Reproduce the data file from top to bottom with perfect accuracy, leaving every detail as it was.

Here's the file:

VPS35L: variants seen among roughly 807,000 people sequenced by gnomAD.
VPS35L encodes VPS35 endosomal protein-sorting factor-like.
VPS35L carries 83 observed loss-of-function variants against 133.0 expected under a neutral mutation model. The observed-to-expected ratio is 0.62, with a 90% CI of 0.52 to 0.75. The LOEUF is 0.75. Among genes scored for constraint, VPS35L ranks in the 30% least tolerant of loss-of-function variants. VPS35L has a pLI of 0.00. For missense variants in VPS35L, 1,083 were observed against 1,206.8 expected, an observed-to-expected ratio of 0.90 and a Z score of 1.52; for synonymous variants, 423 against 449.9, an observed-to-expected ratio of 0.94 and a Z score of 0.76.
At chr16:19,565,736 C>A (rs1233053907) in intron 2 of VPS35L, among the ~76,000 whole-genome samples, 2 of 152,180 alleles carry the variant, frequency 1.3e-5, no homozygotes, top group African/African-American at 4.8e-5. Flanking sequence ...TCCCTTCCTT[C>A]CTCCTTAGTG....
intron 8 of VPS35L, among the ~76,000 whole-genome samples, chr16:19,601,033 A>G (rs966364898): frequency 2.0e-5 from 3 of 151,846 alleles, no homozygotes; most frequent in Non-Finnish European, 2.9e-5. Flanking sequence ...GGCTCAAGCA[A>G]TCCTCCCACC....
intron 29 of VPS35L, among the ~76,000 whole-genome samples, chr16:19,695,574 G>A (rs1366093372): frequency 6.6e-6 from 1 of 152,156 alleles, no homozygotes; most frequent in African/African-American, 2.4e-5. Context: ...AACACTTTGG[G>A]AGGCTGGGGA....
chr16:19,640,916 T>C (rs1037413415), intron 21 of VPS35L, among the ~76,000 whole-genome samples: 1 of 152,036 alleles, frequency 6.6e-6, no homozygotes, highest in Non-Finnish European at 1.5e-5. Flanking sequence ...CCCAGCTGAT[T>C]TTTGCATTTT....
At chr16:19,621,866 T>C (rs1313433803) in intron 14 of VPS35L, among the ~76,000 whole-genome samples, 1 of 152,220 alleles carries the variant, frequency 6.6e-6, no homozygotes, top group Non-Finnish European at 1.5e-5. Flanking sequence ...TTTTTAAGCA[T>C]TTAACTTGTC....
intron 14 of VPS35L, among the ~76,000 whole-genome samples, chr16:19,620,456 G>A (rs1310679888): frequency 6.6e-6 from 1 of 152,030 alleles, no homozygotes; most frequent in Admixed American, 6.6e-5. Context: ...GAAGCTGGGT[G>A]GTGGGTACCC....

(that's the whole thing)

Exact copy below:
VPS35L: variants seen among roughly 807,000 people sequenced by gnomAD.
VPS35L encodes VPS35 endosomal protein-sorting factor-like.
VPS35L carries 83 observed loss-of-function variants against 133.0 expected under a neutral mutation model. The observed-to-expected ratio is 0.62, with a 90% CI of 0.52 to 0.75. The LOEUF is 0.75. Among genes scored for constraint, VPS35L ranks in the 30% least tolerant of loss-of-function variants. VPS35L has a pLI of 0.00. For missense variants in VPS35L, 1,083 were observed against 1,206.8 expected, an observed-to-expected ratio of 0.90 and a Z score of 1.52; for synonymous variants, 423 against 449.9, an observed-to-expected ratio of 0.94 and a Z score of 0.76.
At chr16:19,565,736 C>A (rs1233053907) in intron 2 of VPS35L, among the ~76,000 whole-genome samples, 2 of 152,180 alleles carry the variant, frequency 1.3e-5, no homozygotes, top group African/African-American at 4.8e-5. Flanking sequence ...TCCCTTCCTT[C>A]CTCCTTAGTG....
intron 8 of VPS35L, among the ~76,000 whole-genome samples, chr16:19,601,033 A>G (rs966364898): frequency 2.0e-5 from 3 of 151,846 alleles, no homozygotes; most frequent in Non-Finnish European, 2.9e-5. Flanking sequence ...GGCTCAAGCA[A>G]TCCTCCCACC....
intron 29 of VPS35L, among the ~76,000 whole-genome samples, chr16:19,695,574 G>A (rs1366093372): frequency 6.6e-6 from 1 of 152,156 alleles, no homozygotes; most frequent in African/African-American, 2.4e-5. Context: ...AACACTTTGG[G>A]AGGCTGGGGA....
chr16:19,640,916 T>C (rs1037413415), intron 21 of VPS35L, among the ~76,000 whole-genome samples: 1 of 152,036 alleles, frequency 6.6e-6, no homozygotes, highest in Non-Finnish European at 1.5e-5. Flanking sequence ...CCCAGCTGAT[T>C]TTTGCATTTT....
At chr16:19,621,866 T>C (rs1313433803) in intron 14 of VPS35L, among the ~76,000 whole-genome samples, 1 of 152,220 alleles carries the variant, frequency 6.6e-6, no homozygotes, top group Non-Finnish European at 1.5e-5. Flanking sequence ...TTTTTAAGCA[T>C]TTAACTTGTC....
intron 14 of VPS35L, among the ~76,000 whole-genome samples, chr16:19,620,456 G>A (rs1310679888): frequency 6.6e-6 from 1 of 152,030 alleles, no homozygotes; most frequent in Admixed American, 6.6e-5. Context: ...GAAGCTGGGT[G>A]GTGGGTACCC....